The award-winning actress and former New York Governor hopeful expressed her vindication at Andrew Cuomo’s fall from power.
To many LGBTQ New Yorkers, it was disappointing when Cynthia Nixon lost the Democratic primary election to former New York Governor Andrew Cuomo (D) in September 2018. Nixon fought her campaign as a left field, left-wing challenger to Cuomo but the incumbent gained 65% of the vote to Nixon’s 35%.
Cuomo had been the state’s governor since 2011 and experienced a surge in popular support during the coronavirus pandemic when he showed state leadership during a complete national leadership void. But Cuomo also faced scandals: deaths in nursing homes; fudged state figures, and sexual harassment claims from 11 women.
After two women went public with accounts of harassment, Cuomo referred the complaints, as required by law, to New York Attorney General Letitia James who launched an investigation. The impeachment probe and subsequent report released on Aug. 3 by James, a fellow Democrat, ultimately caused Cuomo’s fall from grace and resignation.
Nixon, who is out and married activist Christine Marinoni in 2012, fired off a series of tweets:
The International Academy of Television Arts and Sciences awarded Cuomo with an honorary Emmy for “his masterful use of television to inform and calm people around the world.”
But in the wake of the sexual harassment allegations and damning report into his conduct, the Academy has rescinded Cuomo’s Emmy. But Nixon still has hers. Two of them.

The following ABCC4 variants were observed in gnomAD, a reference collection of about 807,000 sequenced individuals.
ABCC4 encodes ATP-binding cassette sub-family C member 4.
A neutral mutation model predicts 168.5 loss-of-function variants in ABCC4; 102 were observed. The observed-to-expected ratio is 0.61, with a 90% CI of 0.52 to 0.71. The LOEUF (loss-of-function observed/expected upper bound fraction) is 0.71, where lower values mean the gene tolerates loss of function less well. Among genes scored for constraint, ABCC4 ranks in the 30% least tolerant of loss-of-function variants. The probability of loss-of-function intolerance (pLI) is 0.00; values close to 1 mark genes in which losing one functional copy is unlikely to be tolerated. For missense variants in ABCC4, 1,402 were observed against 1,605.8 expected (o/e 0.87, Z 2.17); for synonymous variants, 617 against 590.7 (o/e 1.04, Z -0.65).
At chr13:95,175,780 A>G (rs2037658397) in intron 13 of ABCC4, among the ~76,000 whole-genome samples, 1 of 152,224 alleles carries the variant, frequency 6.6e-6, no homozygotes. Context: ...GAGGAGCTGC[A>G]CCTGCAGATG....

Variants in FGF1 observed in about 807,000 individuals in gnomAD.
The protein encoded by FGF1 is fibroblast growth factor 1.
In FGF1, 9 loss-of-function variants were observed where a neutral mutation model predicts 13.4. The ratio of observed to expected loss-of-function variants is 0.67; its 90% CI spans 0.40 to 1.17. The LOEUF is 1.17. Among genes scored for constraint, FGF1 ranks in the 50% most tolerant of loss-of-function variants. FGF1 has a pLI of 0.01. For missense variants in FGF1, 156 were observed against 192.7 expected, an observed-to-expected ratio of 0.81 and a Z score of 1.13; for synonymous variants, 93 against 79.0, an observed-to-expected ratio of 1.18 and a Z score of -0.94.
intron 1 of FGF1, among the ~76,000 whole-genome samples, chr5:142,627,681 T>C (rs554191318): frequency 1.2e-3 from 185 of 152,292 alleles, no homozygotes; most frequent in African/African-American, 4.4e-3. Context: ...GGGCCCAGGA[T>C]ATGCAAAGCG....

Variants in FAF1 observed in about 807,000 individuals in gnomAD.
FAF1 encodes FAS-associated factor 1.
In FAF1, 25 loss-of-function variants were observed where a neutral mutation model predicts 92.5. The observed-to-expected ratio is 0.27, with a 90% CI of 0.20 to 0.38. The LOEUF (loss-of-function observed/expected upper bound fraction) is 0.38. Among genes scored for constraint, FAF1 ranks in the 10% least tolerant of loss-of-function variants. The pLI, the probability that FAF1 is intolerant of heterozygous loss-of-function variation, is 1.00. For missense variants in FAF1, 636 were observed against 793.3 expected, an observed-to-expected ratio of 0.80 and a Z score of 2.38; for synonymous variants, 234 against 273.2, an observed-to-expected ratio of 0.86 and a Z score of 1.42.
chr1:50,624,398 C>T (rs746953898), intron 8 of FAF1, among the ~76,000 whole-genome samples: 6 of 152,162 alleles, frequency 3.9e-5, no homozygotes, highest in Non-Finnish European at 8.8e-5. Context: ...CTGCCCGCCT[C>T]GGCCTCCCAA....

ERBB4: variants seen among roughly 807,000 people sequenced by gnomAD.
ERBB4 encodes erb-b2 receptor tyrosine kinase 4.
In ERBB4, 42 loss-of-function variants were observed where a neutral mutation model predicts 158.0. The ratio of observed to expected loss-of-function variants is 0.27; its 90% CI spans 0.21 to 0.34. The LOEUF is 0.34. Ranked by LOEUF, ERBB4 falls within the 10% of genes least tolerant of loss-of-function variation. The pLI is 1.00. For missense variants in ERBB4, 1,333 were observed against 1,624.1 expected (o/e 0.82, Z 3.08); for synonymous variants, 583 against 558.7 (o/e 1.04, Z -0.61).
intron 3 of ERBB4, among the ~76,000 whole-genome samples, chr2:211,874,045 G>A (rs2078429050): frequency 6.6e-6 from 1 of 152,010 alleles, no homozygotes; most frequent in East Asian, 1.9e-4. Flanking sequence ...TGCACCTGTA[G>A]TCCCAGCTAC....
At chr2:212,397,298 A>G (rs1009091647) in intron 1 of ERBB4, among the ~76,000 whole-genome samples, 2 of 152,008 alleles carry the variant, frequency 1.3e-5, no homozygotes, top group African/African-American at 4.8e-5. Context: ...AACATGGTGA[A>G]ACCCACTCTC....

“The difference between me and Andrew Cuomo?” she tweeted. “Neither of us is governor, but I still have my Emmy(s).”
Nixon won an Emmy for Best Supporting Actress in a Comedy for Sex and the City in 2004, and another for Best Guest Actress in a Drama in 2008, for Law & Order: SVU.
While Nixon copped a lot of criticism for being an actor who wanted to enter politics, she still has a lot of thoughts over how her home state should be governed, and it’s not by a sexual abuser.
Nixon, 55, was born in Manhattan and made her Broadway debut in 1980 when she was 14. In 2018 her platform for Governor focused on income inequality, renewable energy, establishing universal health care, stopping mass incarceration in the U.S., and protecting undocumented children from deportation—all issues that have only grown in importance in the past three years. While we wish she had won the race in 2018, we’re happy that a woman, Kathy Hochul, will fill Cuomo’s shoes now.
In any case, let’s give Nixon the last word: